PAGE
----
How does the intended audience affect the way an author writes? Do authors usually write to please the people who will be reading his work or do they write for self-satisfaction? In an excerpt from Montaigne’s “To the Reader” from his essay “On the Inconsistency of Our Actions,” it seems as though he is one of the latter. However, this is a contradiction because he tells the reader that he is writing this for his friends and family and wants to be seen in his “simple, natural, ordinary fashion” and is not writing to please the audience, yet he addresses the reader as if he knows that someone other than his friends and family will read the essay. Other oppositions that he brings up are natural vs. artifice, myself vs. not myself and public vs. private. These conflicting ideas help Montaigne make his argument that he is writing in his natural form and not in a mindset where he feel he needs to write in a way that the audience will enjoy. Because his intended audience are his friends and family, he does not need to write differently because they know him well enough to understand him as himself. Writing as himself in the first person perspective makes the argument more valid and honest because it gives him more power in his words than if it was written in a third person perspective. The word “I” is used many times in this passage and therefore it is unusual for the word “you” to appear in the second to last paragraph. This goes back to him addressing the audience when he’s not intending for there to be an audience. Another grammatical feature he uses besides addressing the second person is the use of subjunctives. In fact, the excerpt starts with the word “if.” He then continues to say that the “if” he presented is not what’s happening and then writes what he’s really trying to accomplish. Three sentences later he presents the phrase “had I been,” once again spectating how he could have written this piece but ultimately didn’t and goes on to repeat his real intentions of this essay. Because he has a specific reader in mind, he writes in a way different than if he were writing for others to read and therefore it sets this piece of work apart from others that he has written.
Daily Archives: June 12, 2010
Daneil Defoe’s “Robinson Crusoe” is about a Englishman who gets shipwrecked on to an uninhabited island (at least, in the parts I’ve read) and has to survive with all that nature provides him. Luckily for him, he is able to get tools off of the boat that he was on. When Crusoe tells us his adventures on the island, I cannot help but think of Lost, Lord of the Flies, and Castaway and every other “stranded on an island” book/movie out there.
Crusoe’s character is one that slides on a scale from good to jackass. For the first 80 pages or so, he is on the right side of the scale. Crusoe as the narrator tells us the advice his father gives him about staying in the “middle life” because that is where it is most comfortable; the lower class has to work everyday just to get by while the upper class is too preoccupied with money that they miss out on life. Crusoe hears his words but doesn’t listen. He goes out into the world and as misfortune would have it, he gets taken as a slave. He is actually very understanding as to why the Captain took him to be a slave and carries out his slavely duties for two years. After that he escapes with a boy named Xury, who he sort of makes into his own slave. But later, he sells the boy into slavery for a safe passage to Brazil. (You see what I mean about being on the right side of the scale?) In Brazil he earns money with his plantation and feels bad that he sold Xury after he realizes how much work goes into a plantation and wishes he had some help. (Again, what an ass). When he gets a proposition to smuggle slaves from Africa from some other Brazilians, he agrees and that’s when he gets shipwrecked.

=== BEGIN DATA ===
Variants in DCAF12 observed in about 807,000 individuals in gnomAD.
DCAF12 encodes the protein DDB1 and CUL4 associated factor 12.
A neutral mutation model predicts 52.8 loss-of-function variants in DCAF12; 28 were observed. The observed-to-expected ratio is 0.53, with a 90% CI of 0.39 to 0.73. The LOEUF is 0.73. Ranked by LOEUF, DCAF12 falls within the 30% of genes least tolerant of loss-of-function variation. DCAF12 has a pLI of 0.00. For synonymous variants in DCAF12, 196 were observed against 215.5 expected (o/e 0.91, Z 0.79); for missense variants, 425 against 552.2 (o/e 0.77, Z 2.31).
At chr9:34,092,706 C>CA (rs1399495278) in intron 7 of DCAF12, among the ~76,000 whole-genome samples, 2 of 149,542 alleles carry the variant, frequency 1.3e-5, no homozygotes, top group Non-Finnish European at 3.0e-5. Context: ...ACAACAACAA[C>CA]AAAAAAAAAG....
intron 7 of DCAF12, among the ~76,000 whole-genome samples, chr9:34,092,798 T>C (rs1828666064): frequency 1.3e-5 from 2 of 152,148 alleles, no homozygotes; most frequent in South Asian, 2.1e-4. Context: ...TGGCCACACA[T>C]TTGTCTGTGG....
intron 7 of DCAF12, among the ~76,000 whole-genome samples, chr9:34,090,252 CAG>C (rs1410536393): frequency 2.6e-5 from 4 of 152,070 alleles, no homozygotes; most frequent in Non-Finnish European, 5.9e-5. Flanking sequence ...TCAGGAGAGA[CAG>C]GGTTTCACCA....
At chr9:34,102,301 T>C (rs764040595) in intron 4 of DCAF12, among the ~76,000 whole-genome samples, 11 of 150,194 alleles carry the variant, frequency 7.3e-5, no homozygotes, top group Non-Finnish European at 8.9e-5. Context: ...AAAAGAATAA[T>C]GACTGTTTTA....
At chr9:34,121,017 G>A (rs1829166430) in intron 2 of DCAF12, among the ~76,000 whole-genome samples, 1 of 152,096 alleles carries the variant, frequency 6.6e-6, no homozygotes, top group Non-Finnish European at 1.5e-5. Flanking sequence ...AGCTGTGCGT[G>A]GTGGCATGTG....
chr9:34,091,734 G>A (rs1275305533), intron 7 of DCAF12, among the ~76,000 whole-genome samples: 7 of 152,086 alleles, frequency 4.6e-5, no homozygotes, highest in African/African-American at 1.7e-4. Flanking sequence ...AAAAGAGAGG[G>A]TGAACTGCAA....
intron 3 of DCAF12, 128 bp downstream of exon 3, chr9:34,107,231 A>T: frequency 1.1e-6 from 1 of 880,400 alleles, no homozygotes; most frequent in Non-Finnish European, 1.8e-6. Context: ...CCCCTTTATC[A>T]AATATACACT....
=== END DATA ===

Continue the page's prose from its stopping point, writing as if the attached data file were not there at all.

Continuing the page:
And he is the only one who survives. After being on the island for almost a year, he experiences his first earthquake. This is the first time religion appears in the book in relation to him because he cries out for the Lord to save him. After that, he becomes ill and has a dream that God is about to kill him because he has not repented for his sins. This is the turning point of religion for me and he prays to God every day after that. He believes God controls everything and therefore God must be controlling his actions and so he finds peace in this rationality about being stuck on the island. These two events inspire Crusoe to become religious; I think if they hadn’t occurred, he would not have given any thought to religion. After this, he reads the Bible and believes it was written to him because he finds lines in there that relate to what he’s experiencing. Having faith in God might also be something to keep his sanity because now he has someone to talk to and something to believe in so he doesn’t go crazy.
Being on an uninhabited island gives Crusoe the will to do as he pleases and he thinks he’s the king of the island. (How pretentious). He builds himself a “country-home” and a “summer house” or whatever it was and soon learns how to bake bread and harvest crops. He exerts his power over the animals of the island because there is no one there for him to boss around. I think it is a good thing he is the only survivor of the ship because it has caused him to learn how to work for his food and shelter and it has made him religious. For him to see what his father was talking about, he needed to experience the worst life has to offer in order to appreciate the best that he can get.
So far, I enjoy this book. But the narration is a little confusing because he repeats a lot of things and whether it’s him telling the story or his older self retelling the story is still something I haven’t figured out yet.